We tried three other beers while munching on the cheese, fruit, and dried meats: Paulaner Oktoberfest (not my favorite, I found it quite plain), Rogue Hazelnut Brown Nectar (oh be still my heart – with my first sip I loudly declared that “This is a beer to have for breakfast!”), and Southern Tier Iniquity Imperial Black Ale (instructions: swoon, swig, swoon, repeat).  During this time I learned that the higher the alcohol content in a beer, such as we were finding in this selection, the more esters there were. And the more esters, the more fruity, flowery, or spicy flavor compounds there are. Esters are naturally created in fermentation, and the higher the temperatures of fermentation, the more esters. Forgive me if I’m getting any of this wrong, but what I took away is that more esters = more yummy, and most beers at higher alcoholic content levels have more esters. Therefore the higher the alcohol content, the more esters, the more yummy! It’s a beer logic model. However, not all people like esters, but wine lovers tend to be drawn to esters and therefore enjoy beers with higher alcoholic contents. So. Interesting!

Now I was downright excited at my new knowledge of beer/esters/fermentation, and eager to try more. By this time we were ready for our first course of several varieties of potatos simply roasted with whole cumin seeds, olive oil, salt and pepper. This was a surprisingly delicious dish, and made me want to stop and get cumin seeds on the way home from class to put on everything. Next came churrasco, or brazilian barbecued pork sausage, sauteed okra, and marinated cabbage, followed by a simple green salad dressed in vinaigrette. All of these paired extraordinarily well with the Troegs Dead Reckoning Porter that was poured (and poured again) throughout the dinner portion of the meal. A deep, dark, hearty beer, this was really not a drink to wash down the meal with, but rather part of the meal itself, just as rich and supplementary in flavor as another foodstuff.

By this time the rain had abated somewhat outside, and while cars splashed by outside on the rainy streets of Brookline, platters of cheese were presented to us along with pours of Schneider Aventinus Weizen-Bock. These cheeses were not as complex as those we started with, but rather simple palette cleansers. A jakerkase, emmenthal, and beurre bleu graced our plates along with more brown and white bread. This was not my favorite beer, cheese plate, or pairing, but was valuable in that I learned what, exactly, beurre bleu is. It’s basically blue cheese mixed with butter, half of each, to make a creamy, sharp, tangy, and downright decadent spread. It is now also my condiment of choice. Because anything mixed with butter is a condiment, no? And can be used as such? I think so.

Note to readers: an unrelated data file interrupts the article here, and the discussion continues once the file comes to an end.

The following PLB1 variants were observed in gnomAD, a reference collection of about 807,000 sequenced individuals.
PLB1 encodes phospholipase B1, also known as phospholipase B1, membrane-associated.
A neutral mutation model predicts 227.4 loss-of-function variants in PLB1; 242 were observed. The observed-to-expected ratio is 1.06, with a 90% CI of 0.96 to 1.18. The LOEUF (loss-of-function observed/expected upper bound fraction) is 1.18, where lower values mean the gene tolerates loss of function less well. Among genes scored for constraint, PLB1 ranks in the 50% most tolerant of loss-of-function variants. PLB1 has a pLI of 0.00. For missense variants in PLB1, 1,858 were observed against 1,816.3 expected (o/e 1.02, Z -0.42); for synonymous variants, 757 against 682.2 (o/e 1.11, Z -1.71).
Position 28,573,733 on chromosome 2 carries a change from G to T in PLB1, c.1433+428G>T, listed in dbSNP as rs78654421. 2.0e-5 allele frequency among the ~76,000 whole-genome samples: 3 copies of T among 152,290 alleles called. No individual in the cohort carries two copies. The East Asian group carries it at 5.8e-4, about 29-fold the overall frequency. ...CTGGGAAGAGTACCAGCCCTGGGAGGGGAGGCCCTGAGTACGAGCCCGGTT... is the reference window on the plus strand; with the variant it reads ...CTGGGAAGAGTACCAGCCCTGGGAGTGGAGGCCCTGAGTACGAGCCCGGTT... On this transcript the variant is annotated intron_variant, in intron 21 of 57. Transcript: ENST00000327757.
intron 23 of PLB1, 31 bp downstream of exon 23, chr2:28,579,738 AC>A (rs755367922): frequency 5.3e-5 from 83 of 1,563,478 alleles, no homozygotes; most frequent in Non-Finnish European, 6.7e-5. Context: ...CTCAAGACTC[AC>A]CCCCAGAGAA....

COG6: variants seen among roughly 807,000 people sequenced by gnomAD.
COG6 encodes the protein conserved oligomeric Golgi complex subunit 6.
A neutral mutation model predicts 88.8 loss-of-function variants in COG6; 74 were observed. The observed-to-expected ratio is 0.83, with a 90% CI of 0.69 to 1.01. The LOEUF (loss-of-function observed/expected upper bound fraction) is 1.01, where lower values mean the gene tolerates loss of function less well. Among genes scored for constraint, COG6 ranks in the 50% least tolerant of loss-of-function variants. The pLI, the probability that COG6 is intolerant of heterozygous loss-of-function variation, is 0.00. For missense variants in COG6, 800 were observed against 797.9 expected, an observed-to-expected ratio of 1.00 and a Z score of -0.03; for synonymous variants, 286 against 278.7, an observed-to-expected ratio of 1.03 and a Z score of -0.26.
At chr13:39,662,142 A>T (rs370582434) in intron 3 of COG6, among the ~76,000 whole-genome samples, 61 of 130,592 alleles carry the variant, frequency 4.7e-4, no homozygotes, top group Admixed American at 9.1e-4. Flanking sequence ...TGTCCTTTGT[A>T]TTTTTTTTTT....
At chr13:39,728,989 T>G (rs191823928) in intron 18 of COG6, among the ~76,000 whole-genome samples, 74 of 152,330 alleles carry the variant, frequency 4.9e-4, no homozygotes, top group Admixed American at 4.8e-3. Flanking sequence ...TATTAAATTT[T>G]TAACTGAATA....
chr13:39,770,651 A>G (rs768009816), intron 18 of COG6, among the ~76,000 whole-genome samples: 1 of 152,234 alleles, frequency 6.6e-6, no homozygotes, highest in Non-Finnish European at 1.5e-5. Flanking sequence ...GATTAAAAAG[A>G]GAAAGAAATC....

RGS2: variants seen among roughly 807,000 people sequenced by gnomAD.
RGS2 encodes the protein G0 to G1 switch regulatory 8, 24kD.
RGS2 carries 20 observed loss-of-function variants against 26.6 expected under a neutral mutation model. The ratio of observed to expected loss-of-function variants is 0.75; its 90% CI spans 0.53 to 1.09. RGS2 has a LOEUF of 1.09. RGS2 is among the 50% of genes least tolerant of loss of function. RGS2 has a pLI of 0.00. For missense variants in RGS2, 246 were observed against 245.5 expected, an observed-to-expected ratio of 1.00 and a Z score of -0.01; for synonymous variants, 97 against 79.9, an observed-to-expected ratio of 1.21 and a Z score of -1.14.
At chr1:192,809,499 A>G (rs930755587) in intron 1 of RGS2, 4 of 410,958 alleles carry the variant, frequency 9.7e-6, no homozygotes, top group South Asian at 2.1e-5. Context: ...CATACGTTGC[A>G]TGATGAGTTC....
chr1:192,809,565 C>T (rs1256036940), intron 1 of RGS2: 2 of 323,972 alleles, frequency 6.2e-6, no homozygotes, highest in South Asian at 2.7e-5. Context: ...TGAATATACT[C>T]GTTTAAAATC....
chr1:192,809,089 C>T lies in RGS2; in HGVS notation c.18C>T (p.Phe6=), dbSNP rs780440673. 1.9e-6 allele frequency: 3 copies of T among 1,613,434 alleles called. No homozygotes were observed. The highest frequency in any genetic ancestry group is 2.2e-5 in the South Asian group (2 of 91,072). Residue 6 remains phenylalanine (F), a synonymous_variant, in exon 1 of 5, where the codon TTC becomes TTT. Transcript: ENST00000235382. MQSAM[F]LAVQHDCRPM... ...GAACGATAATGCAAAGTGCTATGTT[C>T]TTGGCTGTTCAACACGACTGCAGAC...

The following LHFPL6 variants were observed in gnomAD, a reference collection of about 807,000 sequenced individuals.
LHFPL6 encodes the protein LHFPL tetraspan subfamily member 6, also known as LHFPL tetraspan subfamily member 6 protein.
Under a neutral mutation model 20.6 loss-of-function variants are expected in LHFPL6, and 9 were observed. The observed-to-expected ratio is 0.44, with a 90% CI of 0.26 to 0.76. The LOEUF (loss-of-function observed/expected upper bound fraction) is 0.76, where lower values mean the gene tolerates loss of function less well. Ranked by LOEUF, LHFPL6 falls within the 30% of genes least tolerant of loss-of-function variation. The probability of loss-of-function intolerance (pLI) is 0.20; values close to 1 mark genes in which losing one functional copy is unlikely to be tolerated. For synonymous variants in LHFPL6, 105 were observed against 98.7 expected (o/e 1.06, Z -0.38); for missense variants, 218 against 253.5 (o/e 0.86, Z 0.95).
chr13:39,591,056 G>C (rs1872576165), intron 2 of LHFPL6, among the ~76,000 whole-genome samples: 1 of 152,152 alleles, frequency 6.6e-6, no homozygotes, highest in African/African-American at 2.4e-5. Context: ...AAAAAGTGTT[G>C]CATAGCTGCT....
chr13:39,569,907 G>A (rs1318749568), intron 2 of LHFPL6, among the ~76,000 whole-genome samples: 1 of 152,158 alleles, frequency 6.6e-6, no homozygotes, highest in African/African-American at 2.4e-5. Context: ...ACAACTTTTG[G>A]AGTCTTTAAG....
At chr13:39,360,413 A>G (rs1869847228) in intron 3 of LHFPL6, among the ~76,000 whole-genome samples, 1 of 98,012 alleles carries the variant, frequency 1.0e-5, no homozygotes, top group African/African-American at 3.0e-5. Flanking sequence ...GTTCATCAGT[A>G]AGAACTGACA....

Not unexpectedly, dessert did not disappoint. My love for sweets is nearly as strong as my love of cheese, and a pear streusel, fresh from Clear Flour Bakery, paired with a pour of Affligem Tripel, was a showstopper of an ending to a wonderful meal. The Allfigem Triple, from northern Belgium, was another wine-like beer, with sweet whispery aromas complimented by a delicate, flavorful, but not-as-sweet sip. This is a perfect beer to serve on special occasions that fall on wintery evenings, when one finds oneself in good company, after a good meal, and in front of a roaring fireplace. This is a beverage for Christmas Eve, or for those dark nights of February and March when New England winters seem to drag on forever, and one must be reminded of why we all live here – if only to sip this beer, inside a cozy home, on a frosty winter’s night.

And on that note, we all bid our ado to Jonathon and the Boston Wine School. This Oktoberfest class was truly wonderful, and I’m looking forward to taking more classes with Jonathon and the other expert educators at the Boston Wine School. The majority of Boston Wine School classes focus on wine, but there are ventures into other arenas such as beer, sake, and bourbon, as audiences demand. A warm, inviting, and casual atmosphere, this is a wonderful place to come and learn more about oneself and one’s own tastes, and is perfect for both Boston locals and those just visiting our city.